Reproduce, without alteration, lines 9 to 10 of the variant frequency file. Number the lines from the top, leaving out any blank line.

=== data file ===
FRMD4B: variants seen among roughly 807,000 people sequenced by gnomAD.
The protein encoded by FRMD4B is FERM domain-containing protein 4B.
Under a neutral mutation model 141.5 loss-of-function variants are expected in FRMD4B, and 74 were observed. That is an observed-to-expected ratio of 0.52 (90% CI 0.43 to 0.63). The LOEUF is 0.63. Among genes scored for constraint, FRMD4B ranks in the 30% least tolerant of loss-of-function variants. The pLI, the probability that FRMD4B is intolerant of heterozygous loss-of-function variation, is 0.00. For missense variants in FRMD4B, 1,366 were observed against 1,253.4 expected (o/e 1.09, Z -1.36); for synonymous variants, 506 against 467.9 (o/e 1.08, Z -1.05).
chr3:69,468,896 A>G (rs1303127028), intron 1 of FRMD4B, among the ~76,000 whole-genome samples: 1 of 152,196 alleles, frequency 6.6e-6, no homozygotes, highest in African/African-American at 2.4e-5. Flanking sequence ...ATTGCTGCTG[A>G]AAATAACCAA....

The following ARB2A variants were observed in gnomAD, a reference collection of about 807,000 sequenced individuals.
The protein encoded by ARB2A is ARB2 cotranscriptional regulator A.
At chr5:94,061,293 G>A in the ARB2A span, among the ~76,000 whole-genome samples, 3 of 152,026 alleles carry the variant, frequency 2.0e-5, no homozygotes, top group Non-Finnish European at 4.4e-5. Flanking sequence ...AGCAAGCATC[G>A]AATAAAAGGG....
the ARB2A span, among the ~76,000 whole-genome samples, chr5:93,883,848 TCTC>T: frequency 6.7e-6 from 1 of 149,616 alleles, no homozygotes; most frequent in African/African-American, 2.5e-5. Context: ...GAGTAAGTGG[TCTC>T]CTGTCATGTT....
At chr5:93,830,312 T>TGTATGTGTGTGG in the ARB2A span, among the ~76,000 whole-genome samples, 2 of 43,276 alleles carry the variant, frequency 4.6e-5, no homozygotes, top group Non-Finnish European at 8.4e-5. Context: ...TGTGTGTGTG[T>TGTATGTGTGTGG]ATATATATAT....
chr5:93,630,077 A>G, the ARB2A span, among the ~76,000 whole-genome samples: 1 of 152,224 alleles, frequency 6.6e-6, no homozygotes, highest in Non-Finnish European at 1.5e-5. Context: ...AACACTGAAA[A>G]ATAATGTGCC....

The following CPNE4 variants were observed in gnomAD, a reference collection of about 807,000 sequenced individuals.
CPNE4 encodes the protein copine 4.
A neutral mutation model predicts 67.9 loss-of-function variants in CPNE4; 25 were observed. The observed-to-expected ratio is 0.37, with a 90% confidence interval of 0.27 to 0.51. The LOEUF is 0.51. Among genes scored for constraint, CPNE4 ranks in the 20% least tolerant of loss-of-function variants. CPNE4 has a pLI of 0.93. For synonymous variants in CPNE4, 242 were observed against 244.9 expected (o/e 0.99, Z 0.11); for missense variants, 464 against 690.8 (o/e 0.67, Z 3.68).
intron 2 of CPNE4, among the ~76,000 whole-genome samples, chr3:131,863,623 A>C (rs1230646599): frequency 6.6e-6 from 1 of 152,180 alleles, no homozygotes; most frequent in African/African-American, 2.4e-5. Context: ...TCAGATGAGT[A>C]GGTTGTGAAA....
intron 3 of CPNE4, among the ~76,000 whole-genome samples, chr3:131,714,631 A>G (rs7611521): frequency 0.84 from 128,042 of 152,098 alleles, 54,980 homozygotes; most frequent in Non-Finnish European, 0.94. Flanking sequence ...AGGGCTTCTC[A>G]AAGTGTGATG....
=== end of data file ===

At chr5:93,830,312 T>TGTATGTGTGTGG in the ARB2A span, among the ~76,000 whole-genome samples, 2 of 43,276 alleles carry the variant, frequency 4.6e-5, no homozygotes, top group Non-Finnish European at 8.4e-5. Context: ...TGTGTGTGTG[T>TGTATGTGTGTGG]ATATATATAT....
chr5:93,630,077 A>G, the ARB2A span, among the ~76,000 whole-genome samples: 1 of 152,224 alleles, frequency 6.6e-6, no homozygotes, highest in Non-Finnish European at 1.5e-5. Context: ...AACACTGAAA[A>G]ATAATGTGCC....